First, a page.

Prof. Dr. Norbert Lammert
Chair of the Konrad-Adenauer-Stiftung foundation
Without even looking at what it achieved, the Weimar National Assembly already stands out in the history of German democracy as the first and only constitutional convention ever chosen by voters in general, democratic elections. It was and still is linked with the introduction of women’s suffrage. With this advance, the politically rather backwards Germany of the time overtook the neighboring long-standing democracies that were looked to as progressive societies. This is one of Weimar democracy’s few lasting achievements.
Secretary of the Social Democratic Party’s parliamentary group
I will do all I can to make sure that the federal government upholds the commemoration and raises awareness of the milestones of our democracy’s history. The Weimar Republic is part of this. Indeed, with the centenary celebrations approaching, Weimar’s role as the birthplace of Germany’s first democracy is taking center stage. We have a unique opportunity to gain new insights into where our democracy is today and how best to promote its future by examining the Weimar Republic’s history.”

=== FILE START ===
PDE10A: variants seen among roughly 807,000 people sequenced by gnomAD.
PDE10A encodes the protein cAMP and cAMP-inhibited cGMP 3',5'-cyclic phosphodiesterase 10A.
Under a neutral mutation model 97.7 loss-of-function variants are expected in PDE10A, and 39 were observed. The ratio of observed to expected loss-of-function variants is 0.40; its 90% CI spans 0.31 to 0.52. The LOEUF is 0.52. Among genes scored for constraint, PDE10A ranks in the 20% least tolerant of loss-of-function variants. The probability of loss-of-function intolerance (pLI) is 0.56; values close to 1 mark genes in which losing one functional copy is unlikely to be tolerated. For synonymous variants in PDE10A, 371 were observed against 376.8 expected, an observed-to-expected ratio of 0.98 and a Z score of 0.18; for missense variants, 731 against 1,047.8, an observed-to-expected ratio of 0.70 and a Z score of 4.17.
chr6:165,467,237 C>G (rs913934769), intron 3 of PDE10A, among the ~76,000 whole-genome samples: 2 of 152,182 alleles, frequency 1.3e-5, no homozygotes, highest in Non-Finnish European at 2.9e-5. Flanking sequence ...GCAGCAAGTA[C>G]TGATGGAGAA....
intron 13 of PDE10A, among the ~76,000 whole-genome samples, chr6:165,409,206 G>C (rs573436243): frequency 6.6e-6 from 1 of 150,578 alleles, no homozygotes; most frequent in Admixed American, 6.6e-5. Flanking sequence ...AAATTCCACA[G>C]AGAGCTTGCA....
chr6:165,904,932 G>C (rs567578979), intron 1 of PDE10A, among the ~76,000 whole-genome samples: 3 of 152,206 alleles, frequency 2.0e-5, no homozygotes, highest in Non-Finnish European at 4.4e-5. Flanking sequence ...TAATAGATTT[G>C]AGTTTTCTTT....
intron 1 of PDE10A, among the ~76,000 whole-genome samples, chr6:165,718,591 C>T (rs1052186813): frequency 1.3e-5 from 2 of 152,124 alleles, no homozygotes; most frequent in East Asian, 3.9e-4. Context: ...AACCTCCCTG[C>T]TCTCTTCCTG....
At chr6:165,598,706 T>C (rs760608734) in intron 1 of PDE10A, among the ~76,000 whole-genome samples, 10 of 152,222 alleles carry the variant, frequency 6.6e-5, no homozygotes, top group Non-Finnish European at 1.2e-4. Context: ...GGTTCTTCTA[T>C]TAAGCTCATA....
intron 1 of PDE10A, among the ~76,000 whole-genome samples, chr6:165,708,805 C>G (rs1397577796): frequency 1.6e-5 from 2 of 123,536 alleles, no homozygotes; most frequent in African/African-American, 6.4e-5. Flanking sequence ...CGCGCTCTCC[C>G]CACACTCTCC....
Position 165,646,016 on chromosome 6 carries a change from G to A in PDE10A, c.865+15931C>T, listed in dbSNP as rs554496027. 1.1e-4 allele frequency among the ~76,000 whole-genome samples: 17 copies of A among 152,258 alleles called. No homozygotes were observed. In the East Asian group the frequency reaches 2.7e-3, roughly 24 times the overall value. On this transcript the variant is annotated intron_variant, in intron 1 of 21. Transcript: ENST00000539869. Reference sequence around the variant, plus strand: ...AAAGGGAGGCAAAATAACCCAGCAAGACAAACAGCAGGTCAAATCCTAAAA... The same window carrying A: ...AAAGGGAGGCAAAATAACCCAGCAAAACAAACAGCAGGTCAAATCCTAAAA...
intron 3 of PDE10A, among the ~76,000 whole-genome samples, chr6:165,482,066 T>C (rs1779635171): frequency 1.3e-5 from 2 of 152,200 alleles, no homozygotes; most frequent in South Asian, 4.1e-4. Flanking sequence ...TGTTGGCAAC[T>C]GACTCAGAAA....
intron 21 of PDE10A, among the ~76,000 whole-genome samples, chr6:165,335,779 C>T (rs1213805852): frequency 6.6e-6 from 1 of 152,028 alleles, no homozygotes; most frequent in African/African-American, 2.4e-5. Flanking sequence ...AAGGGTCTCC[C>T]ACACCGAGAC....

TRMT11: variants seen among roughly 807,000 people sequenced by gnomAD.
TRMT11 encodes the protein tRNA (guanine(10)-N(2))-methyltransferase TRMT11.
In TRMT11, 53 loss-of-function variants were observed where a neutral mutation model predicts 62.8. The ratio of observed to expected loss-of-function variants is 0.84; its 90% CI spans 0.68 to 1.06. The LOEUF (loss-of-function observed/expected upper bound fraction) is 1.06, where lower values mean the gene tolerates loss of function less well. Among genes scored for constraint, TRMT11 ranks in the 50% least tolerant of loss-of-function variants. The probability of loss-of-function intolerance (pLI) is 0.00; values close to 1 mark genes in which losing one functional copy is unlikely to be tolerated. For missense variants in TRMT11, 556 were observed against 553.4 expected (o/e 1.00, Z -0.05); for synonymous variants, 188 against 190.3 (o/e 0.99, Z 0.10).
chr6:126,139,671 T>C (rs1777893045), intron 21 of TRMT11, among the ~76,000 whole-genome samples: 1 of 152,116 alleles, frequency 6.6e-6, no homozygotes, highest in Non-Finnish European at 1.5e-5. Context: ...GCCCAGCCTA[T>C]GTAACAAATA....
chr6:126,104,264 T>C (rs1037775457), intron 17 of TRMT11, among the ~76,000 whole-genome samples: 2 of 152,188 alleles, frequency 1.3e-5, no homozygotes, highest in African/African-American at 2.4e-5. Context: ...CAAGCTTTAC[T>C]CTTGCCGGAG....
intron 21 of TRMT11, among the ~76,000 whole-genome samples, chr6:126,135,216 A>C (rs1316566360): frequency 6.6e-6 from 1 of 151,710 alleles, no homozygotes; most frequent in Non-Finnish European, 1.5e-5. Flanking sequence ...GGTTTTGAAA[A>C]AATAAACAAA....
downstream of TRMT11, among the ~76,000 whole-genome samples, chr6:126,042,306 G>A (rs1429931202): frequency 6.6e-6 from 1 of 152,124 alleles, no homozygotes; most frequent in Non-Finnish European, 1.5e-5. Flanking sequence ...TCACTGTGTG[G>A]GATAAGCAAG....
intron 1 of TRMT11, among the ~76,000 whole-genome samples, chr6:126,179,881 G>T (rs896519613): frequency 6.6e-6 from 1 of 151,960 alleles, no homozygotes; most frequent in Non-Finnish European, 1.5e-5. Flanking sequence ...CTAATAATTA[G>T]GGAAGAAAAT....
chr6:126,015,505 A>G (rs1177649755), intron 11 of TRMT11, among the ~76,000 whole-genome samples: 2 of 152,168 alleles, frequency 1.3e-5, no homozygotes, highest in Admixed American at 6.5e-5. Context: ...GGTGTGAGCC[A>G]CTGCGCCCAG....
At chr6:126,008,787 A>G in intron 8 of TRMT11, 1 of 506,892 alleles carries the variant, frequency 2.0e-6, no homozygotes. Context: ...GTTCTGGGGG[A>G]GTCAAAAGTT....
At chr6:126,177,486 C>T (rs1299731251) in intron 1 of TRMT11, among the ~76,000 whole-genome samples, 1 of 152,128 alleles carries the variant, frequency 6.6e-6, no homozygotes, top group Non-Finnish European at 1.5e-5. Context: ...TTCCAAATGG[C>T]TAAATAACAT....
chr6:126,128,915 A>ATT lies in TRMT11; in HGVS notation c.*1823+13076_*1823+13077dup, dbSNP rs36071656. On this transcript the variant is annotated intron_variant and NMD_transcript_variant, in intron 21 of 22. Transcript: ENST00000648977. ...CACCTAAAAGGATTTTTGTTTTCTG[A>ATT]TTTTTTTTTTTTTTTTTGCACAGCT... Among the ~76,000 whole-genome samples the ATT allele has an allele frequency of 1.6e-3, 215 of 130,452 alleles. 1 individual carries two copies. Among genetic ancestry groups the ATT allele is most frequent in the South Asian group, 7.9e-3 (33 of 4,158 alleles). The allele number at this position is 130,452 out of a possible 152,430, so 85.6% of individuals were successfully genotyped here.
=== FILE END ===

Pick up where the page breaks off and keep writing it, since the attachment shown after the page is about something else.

Minister of Foreign Affairs
Today, we take for granted women’s suffrage, the eight-hour day, our social state governed by the rule of law, and so much more. Yet we wouldn’t have any of this if it hadn’t been for the Weimar Republic. The women and men who fought relentlessly for Germany’s first democracy in the difficult conditions of that era deserve to be remembered.